Priests lure women to sex slavery
Monday, April 2, 2001
INDIA by S. N. M. ABDI
A thinly disguised form of prostitution is prevalent even today in many Hindu temples of south India.
Young women, called jogins or devdasis, are lured by priests to serve as consorts of male gods but end up as sex slaves of rich farmers, traders and politicians.
As practised for many decades, the new recruit at a temple in Andhra Pradesh, Arundhuti Kumari, 28, was paraded on a bullock cart in Palepally town last month for all to see.
Activists, aghast at the brazen public display of the latest entrant into the sordid world of temple prostitutes, are demanding an immediate ban on the practice of enticing poor women to Hindu religious centres for the sexual enjoyment of the area's rich and powerful who contribute generously to the temple's coffers.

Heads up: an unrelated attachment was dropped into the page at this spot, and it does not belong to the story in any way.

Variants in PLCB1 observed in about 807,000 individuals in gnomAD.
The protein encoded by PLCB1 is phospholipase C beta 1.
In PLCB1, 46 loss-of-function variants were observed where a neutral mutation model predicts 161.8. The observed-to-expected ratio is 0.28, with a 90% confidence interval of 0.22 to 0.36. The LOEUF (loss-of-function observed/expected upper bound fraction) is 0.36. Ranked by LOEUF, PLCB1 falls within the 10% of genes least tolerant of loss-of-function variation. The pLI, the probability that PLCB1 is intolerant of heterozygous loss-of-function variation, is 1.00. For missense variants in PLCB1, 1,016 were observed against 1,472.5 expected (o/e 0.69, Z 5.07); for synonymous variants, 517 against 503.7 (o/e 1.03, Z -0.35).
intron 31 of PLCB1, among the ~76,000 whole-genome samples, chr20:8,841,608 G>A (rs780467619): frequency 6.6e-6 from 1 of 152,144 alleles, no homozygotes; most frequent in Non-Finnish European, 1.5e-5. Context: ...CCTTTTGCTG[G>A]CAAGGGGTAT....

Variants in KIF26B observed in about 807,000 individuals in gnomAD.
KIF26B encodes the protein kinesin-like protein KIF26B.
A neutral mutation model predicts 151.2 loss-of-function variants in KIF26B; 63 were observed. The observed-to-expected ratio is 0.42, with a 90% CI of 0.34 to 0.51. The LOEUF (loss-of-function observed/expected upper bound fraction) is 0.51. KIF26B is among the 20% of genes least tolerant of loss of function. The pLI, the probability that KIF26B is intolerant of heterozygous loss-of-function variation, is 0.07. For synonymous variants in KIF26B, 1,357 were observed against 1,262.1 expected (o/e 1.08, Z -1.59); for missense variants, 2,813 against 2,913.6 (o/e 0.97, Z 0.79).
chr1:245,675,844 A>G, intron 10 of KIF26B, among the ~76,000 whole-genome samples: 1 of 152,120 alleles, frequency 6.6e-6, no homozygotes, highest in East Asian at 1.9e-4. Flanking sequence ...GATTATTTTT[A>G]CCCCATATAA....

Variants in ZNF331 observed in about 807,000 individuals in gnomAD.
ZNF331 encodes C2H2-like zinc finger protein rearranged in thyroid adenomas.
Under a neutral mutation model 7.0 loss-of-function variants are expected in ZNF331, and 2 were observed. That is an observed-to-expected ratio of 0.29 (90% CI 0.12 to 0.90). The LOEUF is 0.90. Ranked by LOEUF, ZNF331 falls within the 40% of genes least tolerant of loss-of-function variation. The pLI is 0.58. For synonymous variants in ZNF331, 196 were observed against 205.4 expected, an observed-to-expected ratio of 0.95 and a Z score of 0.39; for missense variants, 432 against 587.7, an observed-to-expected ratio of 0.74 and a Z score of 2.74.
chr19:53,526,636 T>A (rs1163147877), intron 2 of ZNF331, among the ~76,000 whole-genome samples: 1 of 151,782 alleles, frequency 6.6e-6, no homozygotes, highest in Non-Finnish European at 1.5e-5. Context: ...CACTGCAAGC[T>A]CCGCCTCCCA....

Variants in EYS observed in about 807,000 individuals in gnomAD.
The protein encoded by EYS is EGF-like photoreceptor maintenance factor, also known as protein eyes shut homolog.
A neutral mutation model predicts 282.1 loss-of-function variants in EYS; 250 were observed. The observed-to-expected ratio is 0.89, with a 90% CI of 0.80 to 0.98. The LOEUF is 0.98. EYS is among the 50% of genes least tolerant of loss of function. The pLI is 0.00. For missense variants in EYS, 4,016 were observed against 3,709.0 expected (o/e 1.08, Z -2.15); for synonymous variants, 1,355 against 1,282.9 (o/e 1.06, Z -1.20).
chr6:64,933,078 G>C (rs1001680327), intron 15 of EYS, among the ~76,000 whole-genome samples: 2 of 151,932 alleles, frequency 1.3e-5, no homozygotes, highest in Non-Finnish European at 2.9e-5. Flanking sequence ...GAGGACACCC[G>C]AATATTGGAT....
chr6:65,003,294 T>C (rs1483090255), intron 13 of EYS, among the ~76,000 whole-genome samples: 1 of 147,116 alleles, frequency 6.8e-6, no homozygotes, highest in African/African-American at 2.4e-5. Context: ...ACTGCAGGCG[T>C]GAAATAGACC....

With Ms Kumari's well-publicised induction, the number of jogins in the Palepally Temple dedicated to the monkey god, Hanuman, in Mahboobnagar district, has risen to 32. The total number of jogins in the southern state runs into thousands, according to reports. The devdasi system is also prevalent in neighbouring Karnataka state.
Bowing to pressure from some quarters, the state Government recently sanctioned a pension for elderly jogins living in penury.
Until the 19th century, many Hindu temples in south India were centres of music and dance. Female devotees danced and sang in their sprawling courtyards to entertain the gods.
The religious tradition spawned many outstanding performers and poets who carved a special niche for themselves.
But with the passage of time women from well-to-do families stopped dancing and singing in the temples. To fill the void, priests started recruiting women from poor families to keep the cultural tradition alive in temples. But it gradually degenerated into prostitution.